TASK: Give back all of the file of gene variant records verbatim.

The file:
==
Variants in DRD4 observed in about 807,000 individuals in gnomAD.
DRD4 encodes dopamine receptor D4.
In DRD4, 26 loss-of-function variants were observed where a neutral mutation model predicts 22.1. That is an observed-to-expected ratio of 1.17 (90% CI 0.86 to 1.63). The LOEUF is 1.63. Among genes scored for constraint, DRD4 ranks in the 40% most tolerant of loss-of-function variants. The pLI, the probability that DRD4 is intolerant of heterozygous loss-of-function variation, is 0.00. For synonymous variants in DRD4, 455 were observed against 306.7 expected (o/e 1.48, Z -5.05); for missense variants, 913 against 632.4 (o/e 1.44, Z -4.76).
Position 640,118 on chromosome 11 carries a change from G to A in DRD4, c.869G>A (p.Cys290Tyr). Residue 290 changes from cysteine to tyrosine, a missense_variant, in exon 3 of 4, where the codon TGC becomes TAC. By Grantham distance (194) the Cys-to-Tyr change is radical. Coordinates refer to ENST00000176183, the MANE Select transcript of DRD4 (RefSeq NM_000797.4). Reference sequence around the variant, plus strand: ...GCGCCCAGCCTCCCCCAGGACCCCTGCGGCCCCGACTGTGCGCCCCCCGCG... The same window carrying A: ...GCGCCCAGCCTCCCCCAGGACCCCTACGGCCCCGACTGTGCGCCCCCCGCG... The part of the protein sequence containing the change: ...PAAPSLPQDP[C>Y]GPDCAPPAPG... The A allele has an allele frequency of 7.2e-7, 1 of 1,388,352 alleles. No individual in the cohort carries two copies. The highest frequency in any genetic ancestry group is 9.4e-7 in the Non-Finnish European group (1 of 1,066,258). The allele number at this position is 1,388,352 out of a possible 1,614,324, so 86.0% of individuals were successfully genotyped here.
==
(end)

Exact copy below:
Variants in DRD4 observed in about 807,000 individuals in gnomAD.
DRD4 encodes dopamine receptor D4.
In DRD4, 26 loss-of-function variants were observed where a neutral mutation model predicts 22.1. That is an observed-to-expected ratio of 1.17 (90% CI 0.86 to 1.63). The LOEUF is 1.63. Among genes scored for constraint, DRD4 ranks in the 40% most tolerant of loss-of-function variants. The pLI, the probability that DRD4 is intolerant of heterozygous loss-of-function variation, is 0.00. For synonymous variants in DRD4, 455 were observed against 306.7 expected (o/e 1.48, Z -5.05); for missense variants, 913 against 632.4 (o/e 1.44, Z -4.76).
Position 640,118 on chromosome 11 carries a change from G to A in DRD4, c.869G>A (p.Cys290Tyr). Residue 290 changes from cysteine to tyrosine, a missense_variant, in exon 3 of 4, where the codon TGC becomes TAC. By Grantham distance (194) the Cys-to-Tyr change is radical. Coordinates refer to ENST00000176183, the MANE Select transcript of DRD4 (RefSeq NM_000797.4). Reference sequence around the variant, plus strand: ...GCGCCCAGCCTCCCCCAGGACCCCTGCGGCCCCGACTGTGCGCCCCCCGCG... The same window carrying A: ...GCGCCCAGCCTCCCCCAGGACCCCTACGGCCCCGACTGTGCGCCCCCCGCG... The part of the protein sequence containing the change: ...PAAPSLPQDP[C>Y]GPDCAPPAPG... The A allele has an allele frequency of 7.2e-7, 1 of 1,388,352 alleles. No individual in the cohort carries two copies. The highest frequency in any genetic ancestry group is 9.4e-7 in the Non-Finnish European group (1 of 1,066,258). The allele number at this position is 1,388,352 out of a possible 1,614,324, so 86.0% of individuals were successfully genotyped here.